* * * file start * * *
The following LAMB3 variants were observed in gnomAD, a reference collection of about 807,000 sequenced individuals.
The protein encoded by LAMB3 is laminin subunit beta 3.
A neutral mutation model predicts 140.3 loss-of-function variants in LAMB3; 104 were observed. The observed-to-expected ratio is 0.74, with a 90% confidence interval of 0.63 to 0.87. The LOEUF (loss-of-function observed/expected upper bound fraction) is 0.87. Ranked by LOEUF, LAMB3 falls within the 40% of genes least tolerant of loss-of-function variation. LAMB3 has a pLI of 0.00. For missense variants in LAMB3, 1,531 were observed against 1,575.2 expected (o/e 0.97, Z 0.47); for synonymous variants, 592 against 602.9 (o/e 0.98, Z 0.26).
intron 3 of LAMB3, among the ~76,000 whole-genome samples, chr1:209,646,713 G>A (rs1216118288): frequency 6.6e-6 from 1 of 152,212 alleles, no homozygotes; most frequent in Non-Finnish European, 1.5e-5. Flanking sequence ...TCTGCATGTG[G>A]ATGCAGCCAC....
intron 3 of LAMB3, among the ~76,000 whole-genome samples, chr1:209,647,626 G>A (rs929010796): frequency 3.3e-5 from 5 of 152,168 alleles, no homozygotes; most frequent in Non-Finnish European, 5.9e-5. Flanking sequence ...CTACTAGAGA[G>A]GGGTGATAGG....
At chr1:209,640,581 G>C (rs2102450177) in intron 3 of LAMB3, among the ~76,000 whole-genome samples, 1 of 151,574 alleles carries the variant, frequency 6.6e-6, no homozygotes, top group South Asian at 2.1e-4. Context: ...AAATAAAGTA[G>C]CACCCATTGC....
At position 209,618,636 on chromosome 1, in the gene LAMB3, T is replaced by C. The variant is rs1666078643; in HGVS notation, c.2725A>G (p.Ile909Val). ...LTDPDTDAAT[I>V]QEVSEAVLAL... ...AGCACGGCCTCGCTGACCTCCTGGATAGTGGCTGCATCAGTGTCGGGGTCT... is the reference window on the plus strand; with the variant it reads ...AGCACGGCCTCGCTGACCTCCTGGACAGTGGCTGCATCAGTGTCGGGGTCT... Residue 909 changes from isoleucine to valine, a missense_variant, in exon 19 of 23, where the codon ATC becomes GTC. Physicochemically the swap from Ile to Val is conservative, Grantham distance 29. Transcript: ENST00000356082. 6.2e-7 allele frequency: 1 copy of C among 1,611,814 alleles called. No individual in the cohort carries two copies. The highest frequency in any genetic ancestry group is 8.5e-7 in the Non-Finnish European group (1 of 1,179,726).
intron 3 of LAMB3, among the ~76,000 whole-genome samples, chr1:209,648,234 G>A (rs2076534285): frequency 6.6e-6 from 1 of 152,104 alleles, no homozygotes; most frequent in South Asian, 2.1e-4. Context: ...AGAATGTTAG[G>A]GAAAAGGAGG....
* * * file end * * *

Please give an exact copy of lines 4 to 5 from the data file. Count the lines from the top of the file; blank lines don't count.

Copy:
intron 3 of LAMB3, among the ~76,000 whole-genome samples, chr1:209,646,713 G>A (rs1216118288): frequency 6.6e-6 from 1 of 152,212 alleles, no homozygotes; most frequent in Non-Finnish European, 1.5e-5. Flanking sequence ...TCTGCATGTG[G>A]ATGCAGCCAC....
intron 3 of LAMB3, among the ~76,000 whole-genome samples, chr1:209,647,626 G>A (rs929010796): frequency 3.3e-5 from 5 of 152,168 alleles, no homozygotes; most frequent in Non-Finnish European, 5.9e-5. Flanking sequence ...CTACTAGAGA[G>A]GGGTGATAGG....